IIHF Hall of Fame Induction 2018



Born Gothenburg, Sweden, December 11, 1972
2018 IIHF Hall of Fame Inductee Daniel Alfredsson speaks at the podium during IIHF Hall of Fame Induction Ceremony at the 2018 IIHF Ice Hockey World Championship.
photo: © International Ice Hockey Federation / Andre Ringuette
Numbers, like faces, go with names. They make the names easier to remember. And surely when most people in hockey think of number 11, they see Daniel Alfredsson, skating with Tre Kronor in IIHF events or with the Ottawa Senators in the NHL.

Alfredsson is arguably the greatest player developed by the legendary Frolunda team in Sweden, but his impressive play as a teenager at home caused barely a ripple in the eyes of NHL general managers. Indeed, he was never selected to play for Sweden’s World Junior team either.

Scout John Ferguson of Ottawa, however, convinced the Senators to draft young “Alfie.” Incredibly, he was but the 133rd selection in 1993, and he opted to return to Frolunda for one more season.

When he came to Canada in 1994, he was a year older and physically stronger and wasted no time in rewarding Ottawa’s faith in him. Alfredsson had 26 goals and 61 points as a rookie and won the Calder Trophy. The team missed the playoffs, but Alfredsson played for Tre Kronor for the first time, at the World Championship, helping his team to a silver medal in Stockholm. He scored the overtime winner, his second goal of the game, against Canada in a 3-2 semi-finals win to take Sweden to that gold-medal game.

Induction Speech

Alfredsson improved to 71 points in his second year with the Senators and played at both the World Championship and World Cup in 1996. He then ran into injury problems before developing into a bona fide superstar in the NHL. At the height of his powers, he was a great skater who could score and pass with equal skill, and he was a natural leader whose sportsmanship was second only to his competitive fire. It was no surprise that he was named team captain in 1999, and he wore the “C” for the next 14 years, becoming the heart and soul and face of the team for a generation.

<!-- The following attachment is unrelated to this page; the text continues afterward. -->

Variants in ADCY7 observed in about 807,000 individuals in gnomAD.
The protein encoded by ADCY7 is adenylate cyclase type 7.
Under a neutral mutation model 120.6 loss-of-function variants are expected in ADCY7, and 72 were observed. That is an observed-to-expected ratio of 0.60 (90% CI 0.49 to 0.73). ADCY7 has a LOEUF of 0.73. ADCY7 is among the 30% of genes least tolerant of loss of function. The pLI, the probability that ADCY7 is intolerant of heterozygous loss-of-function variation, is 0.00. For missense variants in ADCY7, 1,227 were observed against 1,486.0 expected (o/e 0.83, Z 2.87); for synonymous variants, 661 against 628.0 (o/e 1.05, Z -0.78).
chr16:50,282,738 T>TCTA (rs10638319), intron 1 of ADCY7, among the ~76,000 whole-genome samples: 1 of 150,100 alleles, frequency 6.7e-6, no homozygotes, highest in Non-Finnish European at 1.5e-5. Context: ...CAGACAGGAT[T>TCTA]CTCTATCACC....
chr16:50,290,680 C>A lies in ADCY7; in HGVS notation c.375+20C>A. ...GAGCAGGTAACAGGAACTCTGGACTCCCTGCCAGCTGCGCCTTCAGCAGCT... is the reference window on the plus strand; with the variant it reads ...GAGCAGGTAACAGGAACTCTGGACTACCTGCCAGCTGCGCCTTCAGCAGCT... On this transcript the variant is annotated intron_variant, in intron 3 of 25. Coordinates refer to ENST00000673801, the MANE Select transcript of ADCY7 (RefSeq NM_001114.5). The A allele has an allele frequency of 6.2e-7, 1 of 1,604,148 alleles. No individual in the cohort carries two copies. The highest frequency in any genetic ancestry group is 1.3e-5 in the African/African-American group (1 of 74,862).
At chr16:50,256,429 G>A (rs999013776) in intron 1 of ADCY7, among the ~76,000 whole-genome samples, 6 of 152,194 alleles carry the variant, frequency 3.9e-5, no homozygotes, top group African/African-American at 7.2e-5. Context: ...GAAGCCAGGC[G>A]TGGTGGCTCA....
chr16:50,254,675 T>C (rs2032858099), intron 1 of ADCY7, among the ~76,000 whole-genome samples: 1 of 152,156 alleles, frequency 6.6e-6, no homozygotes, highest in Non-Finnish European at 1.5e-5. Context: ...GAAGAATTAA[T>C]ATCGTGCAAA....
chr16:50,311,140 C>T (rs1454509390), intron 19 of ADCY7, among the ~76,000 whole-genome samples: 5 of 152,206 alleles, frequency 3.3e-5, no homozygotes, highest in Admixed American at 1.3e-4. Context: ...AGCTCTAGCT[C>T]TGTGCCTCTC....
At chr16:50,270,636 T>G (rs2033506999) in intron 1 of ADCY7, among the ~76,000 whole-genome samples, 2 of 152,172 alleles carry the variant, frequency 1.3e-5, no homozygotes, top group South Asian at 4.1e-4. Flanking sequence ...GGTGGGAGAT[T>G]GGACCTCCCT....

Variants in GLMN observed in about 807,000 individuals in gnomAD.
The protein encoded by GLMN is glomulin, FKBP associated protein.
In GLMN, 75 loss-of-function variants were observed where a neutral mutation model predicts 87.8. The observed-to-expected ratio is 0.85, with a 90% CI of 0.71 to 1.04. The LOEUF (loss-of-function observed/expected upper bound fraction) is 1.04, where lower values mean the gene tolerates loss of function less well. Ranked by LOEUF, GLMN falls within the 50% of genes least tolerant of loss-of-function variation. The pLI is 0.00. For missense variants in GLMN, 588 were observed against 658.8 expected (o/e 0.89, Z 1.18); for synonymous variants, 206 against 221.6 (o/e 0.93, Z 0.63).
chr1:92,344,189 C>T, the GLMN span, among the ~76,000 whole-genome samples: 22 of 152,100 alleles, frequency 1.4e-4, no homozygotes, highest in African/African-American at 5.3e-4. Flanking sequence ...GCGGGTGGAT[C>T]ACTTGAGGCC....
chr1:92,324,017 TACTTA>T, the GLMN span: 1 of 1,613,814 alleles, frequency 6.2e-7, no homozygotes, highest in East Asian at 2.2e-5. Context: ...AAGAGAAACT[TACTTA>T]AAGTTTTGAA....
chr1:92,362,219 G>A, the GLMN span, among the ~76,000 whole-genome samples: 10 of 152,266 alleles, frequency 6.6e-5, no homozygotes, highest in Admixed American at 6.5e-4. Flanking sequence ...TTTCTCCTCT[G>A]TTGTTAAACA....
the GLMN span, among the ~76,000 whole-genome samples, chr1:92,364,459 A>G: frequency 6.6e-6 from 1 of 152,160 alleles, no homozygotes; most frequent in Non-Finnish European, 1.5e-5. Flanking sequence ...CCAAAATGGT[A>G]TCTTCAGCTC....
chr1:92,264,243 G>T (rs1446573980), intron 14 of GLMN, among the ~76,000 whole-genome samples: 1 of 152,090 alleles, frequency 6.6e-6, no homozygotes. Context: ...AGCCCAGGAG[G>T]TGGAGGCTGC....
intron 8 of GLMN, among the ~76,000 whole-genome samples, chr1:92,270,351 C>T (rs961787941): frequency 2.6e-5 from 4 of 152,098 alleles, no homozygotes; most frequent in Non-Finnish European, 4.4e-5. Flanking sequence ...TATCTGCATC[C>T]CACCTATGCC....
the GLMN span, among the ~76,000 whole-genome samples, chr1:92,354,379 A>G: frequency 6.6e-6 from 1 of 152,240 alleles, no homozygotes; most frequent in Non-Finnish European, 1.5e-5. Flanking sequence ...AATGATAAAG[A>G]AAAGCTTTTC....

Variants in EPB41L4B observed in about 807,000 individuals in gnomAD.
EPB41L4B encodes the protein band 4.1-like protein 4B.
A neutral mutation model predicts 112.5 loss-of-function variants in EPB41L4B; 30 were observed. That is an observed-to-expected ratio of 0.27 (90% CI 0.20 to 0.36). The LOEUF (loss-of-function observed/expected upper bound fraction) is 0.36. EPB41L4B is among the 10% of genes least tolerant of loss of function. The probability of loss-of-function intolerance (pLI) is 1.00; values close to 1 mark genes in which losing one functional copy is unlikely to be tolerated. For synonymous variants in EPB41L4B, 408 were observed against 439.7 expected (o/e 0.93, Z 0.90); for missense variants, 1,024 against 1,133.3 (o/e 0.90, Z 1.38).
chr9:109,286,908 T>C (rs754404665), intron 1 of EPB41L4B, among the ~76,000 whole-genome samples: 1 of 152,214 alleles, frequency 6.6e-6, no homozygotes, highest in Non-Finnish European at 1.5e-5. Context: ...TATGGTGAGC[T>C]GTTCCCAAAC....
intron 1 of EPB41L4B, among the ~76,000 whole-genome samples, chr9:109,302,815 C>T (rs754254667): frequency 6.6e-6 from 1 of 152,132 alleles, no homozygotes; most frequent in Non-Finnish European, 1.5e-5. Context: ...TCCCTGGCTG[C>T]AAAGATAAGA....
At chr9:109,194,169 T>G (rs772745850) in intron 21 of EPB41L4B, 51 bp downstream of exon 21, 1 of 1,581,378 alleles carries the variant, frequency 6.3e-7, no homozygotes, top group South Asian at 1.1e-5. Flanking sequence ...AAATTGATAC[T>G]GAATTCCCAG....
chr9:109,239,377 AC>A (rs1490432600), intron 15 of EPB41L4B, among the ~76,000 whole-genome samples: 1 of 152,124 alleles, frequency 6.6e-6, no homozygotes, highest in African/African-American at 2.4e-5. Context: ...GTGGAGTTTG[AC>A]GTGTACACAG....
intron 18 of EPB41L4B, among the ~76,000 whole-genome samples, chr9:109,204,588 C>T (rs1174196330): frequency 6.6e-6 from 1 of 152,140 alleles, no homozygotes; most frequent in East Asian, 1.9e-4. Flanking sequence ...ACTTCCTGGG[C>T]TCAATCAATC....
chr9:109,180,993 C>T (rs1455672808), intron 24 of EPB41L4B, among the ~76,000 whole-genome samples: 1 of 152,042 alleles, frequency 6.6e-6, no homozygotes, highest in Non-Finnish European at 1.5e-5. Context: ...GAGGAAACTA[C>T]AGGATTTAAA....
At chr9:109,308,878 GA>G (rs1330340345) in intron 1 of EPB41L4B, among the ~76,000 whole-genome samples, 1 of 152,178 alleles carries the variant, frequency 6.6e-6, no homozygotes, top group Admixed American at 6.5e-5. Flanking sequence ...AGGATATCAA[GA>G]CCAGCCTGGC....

A consistent performer throughout his career, Alfredsson reached the zenith of success in the middle years of the first decade of the 21st century. In 2005-06, he set personal records with 43 goals, 60 assists, and 103 total points in the NHL’s regular season, and midway through the year he was part of Sweden’s historic gold-medal team at the 2006 Olympics in Turin. Alfredsson had three assists in the team’s 6-2 win over Switzerland in the quarter-finals and a goal and an assist in the 7-3 win over the Czechs in the semis.

A year later, he took the Senators to the team’s first—and still only—trip to the Stanley Cup finals, losing to Anaheim in five games. Incredibly, each member on his line—himself, Jason Spezza, and Dany Heatley—tied for the playoff lead in scoring with 22 points.

In all, Alfredsson’s record speaks for itself. Both in length and achievement, few players in the game’s history have accomplished as much. In Alfie’s case, that means five Olympics (gold, silver), two World Cups, and seven World Championships (two silver, two bronze).

In the NHL, his 1,157 career points in 1,246 regular-season games go with 124 playoff games. He missed the playoffs only three times in 18 years, and the Sens retired his familiar number 11 when all was said and done.